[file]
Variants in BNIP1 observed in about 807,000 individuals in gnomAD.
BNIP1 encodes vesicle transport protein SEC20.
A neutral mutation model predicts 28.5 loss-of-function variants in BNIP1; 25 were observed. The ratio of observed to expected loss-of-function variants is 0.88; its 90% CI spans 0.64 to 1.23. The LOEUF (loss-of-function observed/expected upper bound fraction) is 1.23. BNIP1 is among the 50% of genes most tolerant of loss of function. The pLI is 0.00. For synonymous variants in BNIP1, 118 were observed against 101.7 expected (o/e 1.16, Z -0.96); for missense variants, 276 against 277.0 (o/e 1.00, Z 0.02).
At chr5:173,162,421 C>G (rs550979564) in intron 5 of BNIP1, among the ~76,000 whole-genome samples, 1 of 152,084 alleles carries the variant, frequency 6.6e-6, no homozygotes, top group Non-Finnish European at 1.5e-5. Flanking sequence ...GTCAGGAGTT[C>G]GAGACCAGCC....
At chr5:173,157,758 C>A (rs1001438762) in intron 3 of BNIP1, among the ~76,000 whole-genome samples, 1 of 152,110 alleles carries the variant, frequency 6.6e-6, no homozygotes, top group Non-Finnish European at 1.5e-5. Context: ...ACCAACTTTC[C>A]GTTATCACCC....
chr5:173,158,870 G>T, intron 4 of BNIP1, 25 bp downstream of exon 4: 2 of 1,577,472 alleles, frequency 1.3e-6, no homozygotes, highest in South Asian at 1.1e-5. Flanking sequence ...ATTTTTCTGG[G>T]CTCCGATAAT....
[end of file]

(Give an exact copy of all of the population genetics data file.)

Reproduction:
Variants in BNIP1 observed in about 807,000 individuals in gnomAD.
BNIP1 encodes vesicle transport protein SEC20.
A neutral mutation model predicts 28.5 loss-of-function variants in BNIP1; 25 were observed. The ratio of observed to expected loss-of-function variants is 0.88; its 90% CI spans 0.64 to 1.23. The LOEUF (loss-of-function observed/expected upper bound fraction) is 1.23. BNIP1 is among the 50% of genes most tolerant of loss of function. The pLI is 0.00. For synonymous variants in BNIP1, 118 were observed against 101.7 expected (o/e 1.16, Z -0.96); for missense variants, 276 against 277.0 (o/e 1.00, Z 0.02).
At chr5:173,162,421 C>G (rs550979564) in intron 5 of BNIP1, among the ~76,000 whole-genome samples, 1 of 152,084 alleles carries the variant, frequency 6.6e-6, no homozygotes, top group Non-Finnish European at 1.5e-5. Flanking sequence ...GTCAGGAGTT[C>G]GAGACCAGCC....
At chr5:173,157,758 C>A (rs1001438762) in intron 3 of BNIP1, among the ~76,000 whole-genome samples, 1 of 152,110 alleles carries the variant, frequency 6.6e-6, no homozygotes, top group Non-Finnish European at 1.5e-5. Context: ...ACCAACTTTC[C>A]GTTATCACCC....
chr5:173,158,870 G>T, intron 4 of BNIP1, 25 bp downstream of exon 4: 2 of 1,577,472 alleles, frequency 1.3e-6, no homozygotes, highest in South Asian at 1.1e-5. Flanking sequence ...ATTTTTCTGG[G>T]CTCCGATAAT....